When does a car need to be smogged?

Ask the DMV
By: George Valverde, California Department of Motor Vehicles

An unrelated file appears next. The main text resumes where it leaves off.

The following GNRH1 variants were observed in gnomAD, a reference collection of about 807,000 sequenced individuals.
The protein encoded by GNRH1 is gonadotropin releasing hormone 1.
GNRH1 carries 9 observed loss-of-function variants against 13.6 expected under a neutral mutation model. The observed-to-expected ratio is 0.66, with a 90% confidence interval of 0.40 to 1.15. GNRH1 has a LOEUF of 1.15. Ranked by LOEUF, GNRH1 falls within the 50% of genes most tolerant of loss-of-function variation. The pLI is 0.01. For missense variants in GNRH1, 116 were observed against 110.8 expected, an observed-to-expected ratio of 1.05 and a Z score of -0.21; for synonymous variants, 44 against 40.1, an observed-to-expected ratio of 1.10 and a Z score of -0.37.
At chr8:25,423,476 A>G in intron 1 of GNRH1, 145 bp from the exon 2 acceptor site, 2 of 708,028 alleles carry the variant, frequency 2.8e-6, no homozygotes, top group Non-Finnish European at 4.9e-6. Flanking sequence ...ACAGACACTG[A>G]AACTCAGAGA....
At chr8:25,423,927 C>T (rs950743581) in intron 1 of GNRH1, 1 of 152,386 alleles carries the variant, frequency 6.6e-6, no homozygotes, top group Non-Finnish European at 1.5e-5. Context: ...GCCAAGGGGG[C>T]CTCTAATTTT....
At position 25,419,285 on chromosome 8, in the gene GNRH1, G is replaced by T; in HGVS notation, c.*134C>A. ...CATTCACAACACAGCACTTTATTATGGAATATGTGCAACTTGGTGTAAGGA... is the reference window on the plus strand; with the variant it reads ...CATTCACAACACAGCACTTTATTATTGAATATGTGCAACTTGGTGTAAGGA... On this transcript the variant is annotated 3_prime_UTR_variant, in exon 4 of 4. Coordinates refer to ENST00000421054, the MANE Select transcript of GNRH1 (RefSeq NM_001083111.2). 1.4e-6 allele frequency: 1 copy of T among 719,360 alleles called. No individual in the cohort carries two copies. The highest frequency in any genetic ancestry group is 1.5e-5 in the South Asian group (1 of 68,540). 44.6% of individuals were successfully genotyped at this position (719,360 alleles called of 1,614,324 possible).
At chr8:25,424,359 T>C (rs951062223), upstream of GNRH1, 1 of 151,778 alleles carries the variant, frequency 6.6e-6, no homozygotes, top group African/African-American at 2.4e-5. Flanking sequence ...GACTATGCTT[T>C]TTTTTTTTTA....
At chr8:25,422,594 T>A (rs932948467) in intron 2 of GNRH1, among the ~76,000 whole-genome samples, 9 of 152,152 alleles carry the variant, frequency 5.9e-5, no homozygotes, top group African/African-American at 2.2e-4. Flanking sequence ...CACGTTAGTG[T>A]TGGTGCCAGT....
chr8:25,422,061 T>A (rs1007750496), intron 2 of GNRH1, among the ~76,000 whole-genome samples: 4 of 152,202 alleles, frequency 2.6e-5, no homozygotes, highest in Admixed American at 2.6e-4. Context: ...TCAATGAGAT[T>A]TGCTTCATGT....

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Q: I bought my car two years ago, but have never had a smog check. Am I supposed to get routine smog checks, or will the DMV notify me when it’s time to get one done? A: The California Department of Motor Vehicles will notify you. When you receive your vehicle registration renewal notice, it will indicate if a smog certification is required. If you are required to get a smog inspection but have not done so by the time your registration renewal fees are due, you must still pay registration fees to avoid any late fees, but your new stickers will not be issued until the DMV has received proper smog certification for your vehicle. Smog inspections are required for all vehicles except those four model-years old and newer, diesel-powered vehicles, electric, natural gas-powered vehicles over 14,000 pounds, hybrids, motorcycles, trailers, or vehicles 1975 and older. Vehicles that are four or less model-years old pay a “smog abatement fee,” included in your registration fee. Visit to learn more about smog requirements. Q: I live in an area where there are often people riding their bicycles on the road. How exactly do I handle sharing the road with them? Do I treat them like other drivers, do I give them the right of way, or do I pass them? A: According to the 2009 California Driver Handbook, bicycles on public streets have the same rights and responsibilities as automobile drivers and you should treat them as such. Because they are entitled to share the road with you, you must respect them and give them proper space on the road. Bicyclists should only ride in the same direction as other traffic, and should make left and right hand turns in the same manner that an automobile does, using the same turn lanes. Both drivers and bicyclists should watch out for one another to ensure the road is shared safely. The California Driver Handbook contains additional rules of the road concerning bicyclists and vehicles. It can be downloaded from Q: I recently noticed that my driver license looks a bit damaged, and I am concerned that it doesn’t look valid anymore. Should I replace it? A: A damaged driver license should be replaced. You can apply for a duplicate license by scheduling an appointment and visiting a DMV field office. There, you will fill out the proper form, pay an application fee and have your picture taken. The DMV will validate all your personal information to keep your identity secure, so expect them to ask for your social security number and other information. You’ll be issued an interim license to use until you receive your duplicate photo license, which should arrive within 60 days. George Valverde is the director of the California Department of Motor Vehicles. Do you have questions about general driving related requirements like registration or insurance? Are you unclear about laws and restrictions related to driving? The California DMV has answers at And now, you can submit any DMV-related questions at